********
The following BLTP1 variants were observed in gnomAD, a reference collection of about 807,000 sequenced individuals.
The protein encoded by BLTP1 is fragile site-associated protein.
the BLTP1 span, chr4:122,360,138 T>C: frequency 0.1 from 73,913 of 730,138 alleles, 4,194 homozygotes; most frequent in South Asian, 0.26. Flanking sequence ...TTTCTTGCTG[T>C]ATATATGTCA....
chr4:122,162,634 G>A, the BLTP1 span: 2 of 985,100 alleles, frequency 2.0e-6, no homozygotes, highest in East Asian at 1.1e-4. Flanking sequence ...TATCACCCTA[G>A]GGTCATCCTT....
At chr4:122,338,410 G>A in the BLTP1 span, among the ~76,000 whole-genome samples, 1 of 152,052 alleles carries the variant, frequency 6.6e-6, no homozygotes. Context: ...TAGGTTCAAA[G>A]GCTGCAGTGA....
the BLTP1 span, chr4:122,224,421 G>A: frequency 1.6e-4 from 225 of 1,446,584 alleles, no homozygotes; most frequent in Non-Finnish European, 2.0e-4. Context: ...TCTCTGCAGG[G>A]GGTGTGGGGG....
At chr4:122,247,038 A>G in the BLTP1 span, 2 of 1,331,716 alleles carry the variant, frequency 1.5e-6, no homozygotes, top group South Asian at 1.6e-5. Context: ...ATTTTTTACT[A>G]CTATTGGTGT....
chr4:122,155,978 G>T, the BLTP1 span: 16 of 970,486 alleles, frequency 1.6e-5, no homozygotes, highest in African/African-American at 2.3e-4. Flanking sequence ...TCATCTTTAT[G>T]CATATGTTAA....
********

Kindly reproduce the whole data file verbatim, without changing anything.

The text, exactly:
The following BLTP1 variants were observed in gnomAD, a reference collection of about 807,000 sequenced individuals.
The protein encoded by BLTP1 is fragile site-associated protein.
the BLTP1 span, chr4:122,360,138 T>C: frequency 0.1 from 73,913 of 730,138 alleles, 4,194 homozygotes; most frequent in South Asian, 0.26. Flanking sequence ...TTTCTTGCTG[T>C]ATATATGTCA....
chr4:122,162,634 G>A, the BLTP1 span: 2 of 985,100 alleles, frequency 2.0e-6, no homozygotes, highest in East Asian at 1.1e-4. Flanking sequence ...TATCACCCTA[G>A]GGTCATCCTT....
At chr4:122,338,410 G>A in the BLTP1 span, among the ~76,000 whole-genome samples, 1 of 152,052 alleles carries the variant, frequency 6.6e-6, no homozygotes. Context: ...TAGGTTCAAA[G>A]GCTGCAGTGA....
the BLTP1 span, chr4:122,224,421 G>A: frequency 1.6e-4 from 225 of 1,446,584 alleles, no homozygotes; most frequent in Non-Finnish European, 2.0e-4. Context: ...TCTCTGCAGG[G>A]GGTGTGGGGG....
At chr4:122,247,038 A>G in the BLTP1 span, 2 of 1,331,716 alleles carry the variant, frequency 1.5e-6, no homozygotes, top group South Asian at 1.6e-5. Context: ...ATTTTTTACT[A>G]CTATTGGTGT....
chr4:122,155,978 G>T, the BLTP1 span: 16 of 970,486 alleles, frequency 1.6e-5, no homozygotes, highest in African/African-American at 2.3e-4. Flanking sequence ...TCATCTTTAT[G>T]CATATGTTAA....